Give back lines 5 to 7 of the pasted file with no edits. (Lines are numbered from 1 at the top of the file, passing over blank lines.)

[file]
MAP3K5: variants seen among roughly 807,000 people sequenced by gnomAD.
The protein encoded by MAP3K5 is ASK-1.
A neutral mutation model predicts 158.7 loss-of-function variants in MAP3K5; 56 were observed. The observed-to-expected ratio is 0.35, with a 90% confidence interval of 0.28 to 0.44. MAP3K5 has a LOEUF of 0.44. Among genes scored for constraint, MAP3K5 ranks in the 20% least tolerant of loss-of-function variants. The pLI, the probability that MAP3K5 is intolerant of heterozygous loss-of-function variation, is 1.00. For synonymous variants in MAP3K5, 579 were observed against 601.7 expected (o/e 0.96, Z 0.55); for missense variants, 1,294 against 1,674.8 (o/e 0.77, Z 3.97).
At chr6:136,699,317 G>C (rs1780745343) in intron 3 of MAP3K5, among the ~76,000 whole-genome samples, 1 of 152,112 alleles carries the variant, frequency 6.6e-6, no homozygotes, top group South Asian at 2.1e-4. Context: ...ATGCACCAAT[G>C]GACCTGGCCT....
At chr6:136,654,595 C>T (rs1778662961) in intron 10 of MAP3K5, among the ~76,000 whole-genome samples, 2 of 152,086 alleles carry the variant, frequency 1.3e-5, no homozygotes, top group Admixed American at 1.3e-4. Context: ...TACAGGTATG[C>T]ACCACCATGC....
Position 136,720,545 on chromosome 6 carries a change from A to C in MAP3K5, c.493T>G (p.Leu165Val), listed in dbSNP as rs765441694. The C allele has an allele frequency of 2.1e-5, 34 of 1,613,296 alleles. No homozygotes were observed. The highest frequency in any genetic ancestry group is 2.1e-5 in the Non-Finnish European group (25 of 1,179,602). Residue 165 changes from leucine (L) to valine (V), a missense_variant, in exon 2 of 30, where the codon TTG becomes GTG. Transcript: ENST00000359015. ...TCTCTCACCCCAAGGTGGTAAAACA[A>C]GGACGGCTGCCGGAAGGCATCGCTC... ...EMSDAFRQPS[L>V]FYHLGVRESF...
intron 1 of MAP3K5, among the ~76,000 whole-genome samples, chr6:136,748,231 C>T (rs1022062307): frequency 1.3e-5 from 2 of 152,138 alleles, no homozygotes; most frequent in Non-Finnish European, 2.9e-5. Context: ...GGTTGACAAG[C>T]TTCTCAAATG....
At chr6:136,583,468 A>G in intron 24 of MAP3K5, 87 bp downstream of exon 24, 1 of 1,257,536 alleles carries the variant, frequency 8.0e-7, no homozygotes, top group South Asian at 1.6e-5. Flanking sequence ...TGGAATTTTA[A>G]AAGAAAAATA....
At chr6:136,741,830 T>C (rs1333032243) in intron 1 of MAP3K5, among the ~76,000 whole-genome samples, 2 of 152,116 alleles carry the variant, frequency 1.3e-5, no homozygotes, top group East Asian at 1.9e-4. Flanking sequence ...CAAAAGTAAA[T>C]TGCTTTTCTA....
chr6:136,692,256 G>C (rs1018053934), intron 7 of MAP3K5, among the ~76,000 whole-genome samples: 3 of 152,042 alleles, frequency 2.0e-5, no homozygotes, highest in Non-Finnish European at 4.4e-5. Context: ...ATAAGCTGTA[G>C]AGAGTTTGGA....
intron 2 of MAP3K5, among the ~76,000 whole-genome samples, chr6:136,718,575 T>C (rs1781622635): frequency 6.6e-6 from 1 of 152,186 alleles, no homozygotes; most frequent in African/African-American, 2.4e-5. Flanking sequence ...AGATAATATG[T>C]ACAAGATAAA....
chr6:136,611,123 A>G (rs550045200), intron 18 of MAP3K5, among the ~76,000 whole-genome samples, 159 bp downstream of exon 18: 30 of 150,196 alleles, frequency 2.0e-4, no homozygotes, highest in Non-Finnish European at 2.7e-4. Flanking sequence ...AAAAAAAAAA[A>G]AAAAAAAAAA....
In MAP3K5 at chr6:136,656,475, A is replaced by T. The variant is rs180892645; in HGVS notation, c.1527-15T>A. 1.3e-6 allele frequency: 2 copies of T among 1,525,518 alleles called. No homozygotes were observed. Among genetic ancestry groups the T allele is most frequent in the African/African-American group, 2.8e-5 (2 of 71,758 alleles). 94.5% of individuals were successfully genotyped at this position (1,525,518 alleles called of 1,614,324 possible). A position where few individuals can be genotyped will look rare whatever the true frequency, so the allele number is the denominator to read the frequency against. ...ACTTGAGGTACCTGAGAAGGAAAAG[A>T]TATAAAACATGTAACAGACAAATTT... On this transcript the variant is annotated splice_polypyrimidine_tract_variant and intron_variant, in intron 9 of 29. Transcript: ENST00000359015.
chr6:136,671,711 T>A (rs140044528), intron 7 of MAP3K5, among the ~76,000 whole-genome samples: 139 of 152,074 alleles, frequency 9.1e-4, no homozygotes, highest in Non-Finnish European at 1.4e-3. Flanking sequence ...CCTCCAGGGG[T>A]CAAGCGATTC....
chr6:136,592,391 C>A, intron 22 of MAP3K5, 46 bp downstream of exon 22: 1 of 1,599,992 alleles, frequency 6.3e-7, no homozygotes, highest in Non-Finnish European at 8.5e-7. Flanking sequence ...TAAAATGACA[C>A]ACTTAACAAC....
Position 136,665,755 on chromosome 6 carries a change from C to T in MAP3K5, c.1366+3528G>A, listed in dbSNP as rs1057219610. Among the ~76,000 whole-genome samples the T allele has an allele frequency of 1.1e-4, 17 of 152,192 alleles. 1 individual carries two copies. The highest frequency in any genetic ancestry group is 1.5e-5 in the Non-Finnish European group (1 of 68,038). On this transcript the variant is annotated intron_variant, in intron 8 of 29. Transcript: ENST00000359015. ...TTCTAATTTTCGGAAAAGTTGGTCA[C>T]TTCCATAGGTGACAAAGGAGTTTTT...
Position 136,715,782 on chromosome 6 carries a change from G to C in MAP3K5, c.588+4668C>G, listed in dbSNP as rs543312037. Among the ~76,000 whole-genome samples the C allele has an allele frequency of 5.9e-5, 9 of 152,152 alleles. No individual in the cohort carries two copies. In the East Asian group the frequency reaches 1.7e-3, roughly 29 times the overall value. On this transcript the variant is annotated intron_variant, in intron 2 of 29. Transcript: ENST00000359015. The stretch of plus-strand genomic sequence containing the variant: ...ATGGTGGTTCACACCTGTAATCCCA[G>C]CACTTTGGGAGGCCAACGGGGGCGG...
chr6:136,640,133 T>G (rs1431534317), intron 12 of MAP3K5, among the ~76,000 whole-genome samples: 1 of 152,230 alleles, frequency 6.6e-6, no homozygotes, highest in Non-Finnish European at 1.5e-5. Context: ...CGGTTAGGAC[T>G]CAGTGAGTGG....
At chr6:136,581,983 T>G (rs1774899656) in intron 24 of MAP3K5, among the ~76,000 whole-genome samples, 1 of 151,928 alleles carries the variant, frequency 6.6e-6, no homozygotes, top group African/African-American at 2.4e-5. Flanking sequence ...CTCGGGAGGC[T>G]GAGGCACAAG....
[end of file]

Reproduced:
At chr6:136,654,595 C>T (rs1778662961) in intron 10 of MAP3K5, among the ~76,000 whole-genome samples, 2 of 152,086 alleles carry the variant, frequency 1.3e-5, no homozygotes, top group Admixed American at 1.3e-4. Context: ...TACAGGTATG[C>T]ACCACCATGC....
Position 136,720,545 on chromosome 6 carries a change from A to C in MAP3K5, c.493T>G (p.Leu165Val), listed in dbSNP as rs765441694. The C allele has an allele frequency of 2.1e-5, 34 of 1,613,296 alleles. No homozygotes were observed. The highest frequency in any genetic ancestry group is 2.1e-5 in the Non-Finnish European group (25 of 1,179,602). Residue 165 changes from leucine (L) to valine (V), a missense_variant, in exon 2 of 30, where the codon TTG becomes GTG. Transcript: ENST00000359015. ...TCTCTCACCCCAAGGTGGTAAAACA[A>C]GGACGGCTGCCGGAAGGCATCGCTC... ...EMSDAFRQPS[L>V]FYHLGVRESF...
intron 1 of MAP3K5, among the ~76,000 whole-genome samples, chr6:136,748,231 C>T (rs1022062307): frequency 1.3e-5 from 2 of 152,138 alleles, no homozygotes; most frequent in Non-Finnish European, 2.9e-5. Context: ...GGTTGACAAG[C>T]TTCTCAAATG....